Walking off the plane, as I was greeted with fresh air for the first time in 28 hours, a brisk chill struck me. It wasn’t terrible, but jarring because when I left Albuquerque it was in the 90’s. As the excitement of finally arriving kicked in, however, it no longer felt cold.
Every night I fall into bed, exhausted but content with the day’s events. My first few days at Aberdeen were a whirlwind filled with new places and faces. Aberdeen is a vibrant city that feels monumental and imposing, yet still retains its sense of friendly community. First established in 1495, the University of Aberdeen is the third oldest university in Scotland and the 5th oldest in the entire United Kingdom. The city is known for its iconic granite architecture, fishing, and oil industries. Walking through the cobblestone streets leaves me in awe of the long history of this city. Of course the city has modern touches, but the most distinct elements of its city center skyline are from its earlier buildings. With this storied city as the backdrop, my first week at Aberdeen officially began with a language lesson, a scavenger hunt, and Ironbru.
The international advisors placed students in “villages,” groups for orientation named for common animals in the region. My village is Echt, an ox-like animal. Our villages are meant to be a life line of people to hang out with, or even just bounce questions off of, here in Aberdeen. Beyond basic orientation protocol, we were given a basic lesson in Doric, which is a type of dialect spoken here in the northwestern part of Scotland. It is different than Gaelic and has some linguistic influences from the Netherlands. Some words like ‘aabody” (everybody) and “aathing” (everything) are relatively straightforward to understand when spoken, others like “dreich” and “fash” are a little trickier. Dreich refers to a cold, windy, rainy day, while fash means trouble. The last part of orientation included a fun ice-breaker challenge that required villages to translate a Doric sentence without the use of the internet, post a visual translation of the phrase to Instagram at an assigned location on campus, and lastly make the trek to Bobbins, a restaurant near campus. The winners of the challenge were to receive a mystery prize. Our team had “Ahin aa ower the back” to be photographed at Elphinstone Lawn.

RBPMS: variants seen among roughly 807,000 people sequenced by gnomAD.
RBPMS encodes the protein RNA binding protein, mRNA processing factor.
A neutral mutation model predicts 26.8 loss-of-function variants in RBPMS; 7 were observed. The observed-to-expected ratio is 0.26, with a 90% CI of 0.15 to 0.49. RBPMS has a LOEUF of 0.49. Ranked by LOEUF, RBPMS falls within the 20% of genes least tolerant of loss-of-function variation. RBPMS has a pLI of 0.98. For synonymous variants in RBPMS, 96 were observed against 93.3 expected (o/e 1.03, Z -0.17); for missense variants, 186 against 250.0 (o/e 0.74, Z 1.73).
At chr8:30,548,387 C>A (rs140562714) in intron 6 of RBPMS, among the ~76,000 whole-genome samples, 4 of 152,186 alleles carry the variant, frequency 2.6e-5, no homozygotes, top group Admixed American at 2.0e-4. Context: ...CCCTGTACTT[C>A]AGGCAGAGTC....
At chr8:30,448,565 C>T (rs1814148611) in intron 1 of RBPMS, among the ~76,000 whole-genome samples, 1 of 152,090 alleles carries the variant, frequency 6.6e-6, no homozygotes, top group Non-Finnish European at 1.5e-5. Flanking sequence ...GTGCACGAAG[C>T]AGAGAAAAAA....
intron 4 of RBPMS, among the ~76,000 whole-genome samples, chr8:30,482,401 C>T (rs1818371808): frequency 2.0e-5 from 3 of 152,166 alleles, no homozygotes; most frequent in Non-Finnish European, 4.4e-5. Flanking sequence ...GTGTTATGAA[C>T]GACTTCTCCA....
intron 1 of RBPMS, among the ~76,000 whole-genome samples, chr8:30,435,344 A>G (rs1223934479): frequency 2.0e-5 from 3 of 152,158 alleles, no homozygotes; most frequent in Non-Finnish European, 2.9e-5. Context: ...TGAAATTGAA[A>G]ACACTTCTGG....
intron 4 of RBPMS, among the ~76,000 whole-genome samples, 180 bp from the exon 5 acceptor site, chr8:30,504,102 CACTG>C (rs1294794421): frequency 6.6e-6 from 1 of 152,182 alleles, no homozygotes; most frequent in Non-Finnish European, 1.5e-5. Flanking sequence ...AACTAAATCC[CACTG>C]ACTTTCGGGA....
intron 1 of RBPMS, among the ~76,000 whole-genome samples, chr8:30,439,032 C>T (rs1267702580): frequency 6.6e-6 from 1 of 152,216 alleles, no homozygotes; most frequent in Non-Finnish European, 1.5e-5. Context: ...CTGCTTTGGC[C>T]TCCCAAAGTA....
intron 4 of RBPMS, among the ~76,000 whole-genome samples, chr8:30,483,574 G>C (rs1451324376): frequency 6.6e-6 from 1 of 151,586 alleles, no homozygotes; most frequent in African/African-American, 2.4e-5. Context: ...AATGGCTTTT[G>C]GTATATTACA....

After three conversations with native Scots, a few failed Boomerang posts, and a closed Starbucks our team had our post and our translation. “Ahin aa ower the back” means “everything is over the back.” So in reference to a party for instance, one might say “ ahin aa ower the back” to say that the event is behind the building. As straightforward as that translation may seem, it took us a while to get what was really meant by that. So, we then went off to the Bobbin to hear who would win the prize. Unfortunately for us, our team lost, but by the time we got there we were all more concerned with getting some food and hanging out with the new people we met.
The first week at a new school can be daunting. Here are some quick tips for surviving orientation, whether it be a new city or new school:
- Don’t be afraid to ask questions! Find a trusted someone to field questions about the ins and outs of campus, life in the city, etc.
- Make sure to check in with campus safety policies and general city-specific warnings so that you are safer and can be more comfortable.
- Check in with yourself! Meeting new people, navigating a new city and campus, dealing with classes, and keeping up with events on campus is a lot to handle. It’s ok if you need to take a breather and relax by yourself for a bit.
- Don’t be afraid to reach out and make new friends!